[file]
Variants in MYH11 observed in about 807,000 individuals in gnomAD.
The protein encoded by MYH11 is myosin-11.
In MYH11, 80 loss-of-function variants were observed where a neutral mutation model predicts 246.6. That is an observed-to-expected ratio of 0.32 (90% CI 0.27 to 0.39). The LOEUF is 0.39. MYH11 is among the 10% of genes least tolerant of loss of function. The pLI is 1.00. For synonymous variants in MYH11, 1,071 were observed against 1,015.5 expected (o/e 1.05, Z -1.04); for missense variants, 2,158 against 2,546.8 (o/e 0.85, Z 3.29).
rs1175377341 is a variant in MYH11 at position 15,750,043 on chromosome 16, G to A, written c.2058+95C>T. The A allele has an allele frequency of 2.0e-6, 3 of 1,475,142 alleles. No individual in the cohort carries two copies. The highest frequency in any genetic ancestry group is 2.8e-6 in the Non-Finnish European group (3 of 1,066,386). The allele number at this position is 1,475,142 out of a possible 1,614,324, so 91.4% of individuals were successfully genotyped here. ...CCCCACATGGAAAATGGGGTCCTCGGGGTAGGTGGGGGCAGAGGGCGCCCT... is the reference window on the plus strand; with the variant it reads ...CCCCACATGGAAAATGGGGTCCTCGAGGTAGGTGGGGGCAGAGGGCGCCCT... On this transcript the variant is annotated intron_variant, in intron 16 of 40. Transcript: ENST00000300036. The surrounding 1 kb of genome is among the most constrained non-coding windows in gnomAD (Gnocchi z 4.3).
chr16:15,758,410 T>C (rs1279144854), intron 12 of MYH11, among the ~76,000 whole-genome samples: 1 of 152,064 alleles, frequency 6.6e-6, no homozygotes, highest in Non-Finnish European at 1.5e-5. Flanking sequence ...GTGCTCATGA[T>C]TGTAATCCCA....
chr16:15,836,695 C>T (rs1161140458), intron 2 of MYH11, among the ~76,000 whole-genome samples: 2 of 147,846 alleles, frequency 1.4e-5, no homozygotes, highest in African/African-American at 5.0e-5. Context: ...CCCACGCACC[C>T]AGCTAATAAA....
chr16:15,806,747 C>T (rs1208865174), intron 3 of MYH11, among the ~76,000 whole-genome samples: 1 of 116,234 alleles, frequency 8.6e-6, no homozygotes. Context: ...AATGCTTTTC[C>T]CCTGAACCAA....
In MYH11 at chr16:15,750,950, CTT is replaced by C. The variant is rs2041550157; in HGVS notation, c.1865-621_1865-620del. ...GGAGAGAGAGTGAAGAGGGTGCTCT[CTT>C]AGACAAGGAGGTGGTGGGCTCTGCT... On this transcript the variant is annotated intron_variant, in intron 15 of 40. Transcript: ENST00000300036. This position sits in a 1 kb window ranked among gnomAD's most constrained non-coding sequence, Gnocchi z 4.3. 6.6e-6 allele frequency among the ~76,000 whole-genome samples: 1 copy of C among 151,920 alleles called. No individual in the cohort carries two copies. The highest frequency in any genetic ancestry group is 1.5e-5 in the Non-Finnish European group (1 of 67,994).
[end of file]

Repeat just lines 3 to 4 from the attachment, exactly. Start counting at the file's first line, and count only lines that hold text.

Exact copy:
In MYH11, 80 loss-of-function variants were observed where a neutral mutation model predicts 246.6. That is an observed-to-expected ratio of 0.32 (90% CI 0.27 to 0.39). The LOEUF is 0.39. MYH11 is among the 10% of genes least tolerant of loss of function. The pLI is 1.00. For synonymous variants in MYH11, 1,071 were observed against 1,015.5 expected (o/e 1.05, Z -1.04); for missense variants, 2,158 against 2,546.8 (o/e 0.85, Z 3.29).
rs1175377341 is a variant in MYH11 at position 15,750,043 on chromosome 16, G to A, written c.2058+95C>T. The A allele has an allele frequency of 2.0e-6, 3 of 1,475,142 alleles. No individual in the cohort carries two copies. The highest frequency in any genetic ancestry group is 2.8e-6 in the Non-Finnish European group (3 of 1,066,386). The allele number at this position is 1,475,142 out of a possible 1,614,324, so 91.4% of individuals were successfully genotyped here. ...CCCCACATGGAAAATGGGGTCCTCGGGGTAGGTGGGGGCAGAGGGCGCCCT... is the reference window on the plus strand; with the variant it reads ...CCCCACATGGAAAATGGGGTCCTCGAGGTAGGTGGGGGCAGAGGGCGCCCT... On this transcript the variant is annotated intron_variant, in intron 16 of 40. Transcript: ENST00000300036. The surrounding 1 kb of genome is among the most constrained non-coding windows in gnomAD (Gnocchi z 4.3).